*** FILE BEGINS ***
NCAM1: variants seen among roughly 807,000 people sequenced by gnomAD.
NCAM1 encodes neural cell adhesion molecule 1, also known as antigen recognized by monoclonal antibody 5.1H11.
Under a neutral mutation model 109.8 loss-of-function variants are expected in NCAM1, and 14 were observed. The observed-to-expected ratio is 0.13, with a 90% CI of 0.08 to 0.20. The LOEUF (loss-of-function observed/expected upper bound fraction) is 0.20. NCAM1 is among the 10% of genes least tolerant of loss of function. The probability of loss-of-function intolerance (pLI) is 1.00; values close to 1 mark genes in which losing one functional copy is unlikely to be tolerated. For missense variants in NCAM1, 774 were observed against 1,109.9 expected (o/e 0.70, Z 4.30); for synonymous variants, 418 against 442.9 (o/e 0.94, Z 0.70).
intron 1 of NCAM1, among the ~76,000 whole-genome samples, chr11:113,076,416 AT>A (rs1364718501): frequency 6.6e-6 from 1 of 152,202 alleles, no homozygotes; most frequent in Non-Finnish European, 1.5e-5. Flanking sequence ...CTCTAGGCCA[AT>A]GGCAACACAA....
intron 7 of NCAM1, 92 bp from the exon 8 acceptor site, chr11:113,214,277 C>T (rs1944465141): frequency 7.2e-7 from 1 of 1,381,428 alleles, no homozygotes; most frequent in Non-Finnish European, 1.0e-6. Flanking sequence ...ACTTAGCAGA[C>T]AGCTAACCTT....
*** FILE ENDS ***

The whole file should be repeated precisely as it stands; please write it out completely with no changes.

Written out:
NCAM1: variants seen among roughly 807,000 people sequenced by gnomAD.
NCAM1 encodes neural cell adhesion molecule 1, also known as antigen recognized by monoclonal antibody 5.1H11.
Under a neutral mutation model 109.8 loss-of-function variants are expected in NCAM1, and 14 were observed. The observed-to-expected ratio is 0.13, with a 90% CI of 0.08 to 0.20. The LOEUF (loss-of-function observed/expected upper bound fraction) is 0.20. NCAM1 is among the 10% of genes least tolerant of loss of function. The probability of loss-of-function intolerance (pLI) is 1.00; values close to 1 mark genes in which losing one functional copy is unlikely to be tolerated. For missense variants in NCAM1, 774 were observed against 1,109.9 expected (o/e 0.70, Z 4.30); for synonymous variants, 418 against 442.9 (o/e 0.94, Z 0.70).
intron 1 of NCAM1, among the ~76,000 whole-genome samples, chr11:113,076,416 AT>A (rs1364718501): frequency 6.6e-6 from 1 of 152,202 alleles, no homozygotes; most frequent in Non-Finnish European, 1.5e-5. Flanking sequence ...CTCTAGGCCA[AT>A]GGCAACACAA....
intron 7 of NCAM1, 92 bp from the exon 8 acceptor site, chr11:113,214,277 C>T (rs1944465141): frequency 7.2e-7 from 1 of 1,381,428 alleles, no homozygotes; most frequent in Non-Finnish European, 1.0e-6. Flanking sequence ...ACTTAGCAGA[C>T]AGCTAACCTT....